Author: Robbie Faselt
The 2014 Lollapalooza Music Festival is coming around the corner on the first of August marking the 23rd year since its first edition as a touring festival in 1991. Today, Lollapalooza is one of the biggest–if not the biggest–music festival in the United States. With over 60 music festivals occurring in the United States this year alone, that is quite an accomplishment.
In recent years, music festivals have exploded in popularity with new ones popping up every year in different parts of the country. Even as recently as 2006, music festivals were a rare occurrence. In that year, the only festivals that an average person would be familiar with were Coachella, Bonnaroo, and Lollapalooza. Now music festivals are a huge part of American youth culture with thousands of people attending each of these major festivals every year. Over 300,000 people attended last year’s Lollapalooza, which sold out only a few hours after tickets went on sale. But Lollapalooza did not begin with the intention of being a huge musical enterprise.
The first Lollapalooza was inspired by a music festival that occurred in 1990 called the Gathering of the Tribes. Located in Costa Mesa, California, it featured artists such as Ice-T, Soundgarden, and Iggy Pop. Perry Farrell, the lead singer of the band, Jane’s Addiction, wanted to recapture the ambience he experienced at the Gathering of the Tribes with a new festival that would serve as a farewell tour for Jane’s Addiction.
Farrell, along with Jane’s Addiction’s manager at the time, Ted Gardner, and Marc Geiger, an American music executive, came up with the idea for a touring festival, which they eventually named Lollapalooza, which is a word that Farrell chose because of its euphonious nature. Their idea was to recruit a group of artists to perform in various cities across the U.S. and Canada over the summer of 1991.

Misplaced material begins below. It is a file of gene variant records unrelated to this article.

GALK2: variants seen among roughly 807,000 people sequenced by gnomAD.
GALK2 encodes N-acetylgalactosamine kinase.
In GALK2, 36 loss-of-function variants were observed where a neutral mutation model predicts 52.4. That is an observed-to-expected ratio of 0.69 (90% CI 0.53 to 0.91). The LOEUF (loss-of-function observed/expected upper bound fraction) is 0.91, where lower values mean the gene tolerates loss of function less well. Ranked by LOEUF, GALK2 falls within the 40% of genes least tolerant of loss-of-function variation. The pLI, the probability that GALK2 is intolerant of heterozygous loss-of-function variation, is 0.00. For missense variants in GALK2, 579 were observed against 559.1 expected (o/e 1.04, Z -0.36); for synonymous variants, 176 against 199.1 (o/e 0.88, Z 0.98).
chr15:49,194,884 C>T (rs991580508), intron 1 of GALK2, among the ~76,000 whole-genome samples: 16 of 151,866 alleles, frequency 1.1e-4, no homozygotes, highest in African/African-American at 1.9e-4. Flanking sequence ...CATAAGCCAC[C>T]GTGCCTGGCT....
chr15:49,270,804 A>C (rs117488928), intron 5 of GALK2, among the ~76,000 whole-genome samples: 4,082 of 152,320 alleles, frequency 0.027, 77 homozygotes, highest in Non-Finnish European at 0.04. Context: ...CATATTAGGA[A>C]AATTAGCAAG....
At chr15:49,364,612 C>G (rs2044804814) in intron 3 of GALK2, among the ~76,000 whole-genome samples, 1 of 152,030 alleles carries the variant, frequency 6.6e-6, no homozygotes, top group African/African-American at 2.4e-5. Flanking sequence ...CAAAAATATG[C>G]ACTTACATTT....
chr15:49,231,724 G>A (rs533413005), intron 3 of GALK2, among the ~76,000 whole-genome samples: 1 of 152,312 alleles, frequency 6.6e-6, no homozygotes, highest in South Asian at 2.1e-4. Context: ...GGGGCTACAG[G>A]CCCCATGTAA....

The inaugural Lollapalooza tour featured ten bands that all performed on one main stage one after another for 26 dates in 18 U.S. cities from July 18 to August 28. The artists included Jane’s Addiction, Nine Inch Nails, and the Violent Femmes. But the festival also featured some non-musical elements, including freak shows, art displays and informational booths promoting political and environmental awareness. The 1991 Lollapalooza was such a huge success that even when Jane’s Addiction broke up, the festival continued with Perry Farrell still running the show. The 1992 edition consisted of a main stage and a side stage. It featured 36 artists including the Red Hot Chili Peppers, Ice Cube, and Pearl Jam and expanded to 36 dates in 26 cities, including two dates in Canada.
Lollapalooza continued its touring festival every summer from 1991 until 1997, but by then, its popularity was declining, so much so that in 1998, the festival was cancelled when no major headlining bands would agree to play it. This was primarily a result of Perry Farrell’s departure from Lollapalooza and the William Morris Agency stepping in, trying to make the festival more mainstream. This alienated many of the festival’s fans that grew accustomed to attending the event to see alternative bands.
This was not the end of Lollapalooza, though. Perry Farrell took the reigns from the William Morris Agency in 2003 and scheduled another tour with a reconvened Jane’s Addiction. But after an unsuccessful tour that year and a 2004 tour that had to be completely cancelled, Farrell decided to try something new. Perhaps taking after Coachella and Bonnaroo in scheduling a festival in a single location; in 2005, Farrell partnered with Capital Sports & Entertainment–now C3 Presents–and organized a festival in Chicago, Illinois’s Grant Park.
In 2005, Lollapalooza was a two-day festival that featured 70 artists on five stages. Over 65,000 people made their way to Grant Park that year and ever since then, Lollapalooza has remained in Grant Park and has become one of the biggest festivals in the United States. It is now a three-day festival that occurs on the first weekend of August every summer and is a place, as its founder, Farrell, can attest to that bands both new and old can come to, to spread their music to thousands of people.
“Lollapalooza is a place where young upstarts become legends, and legends return to claim their fame.” – Perry Farrell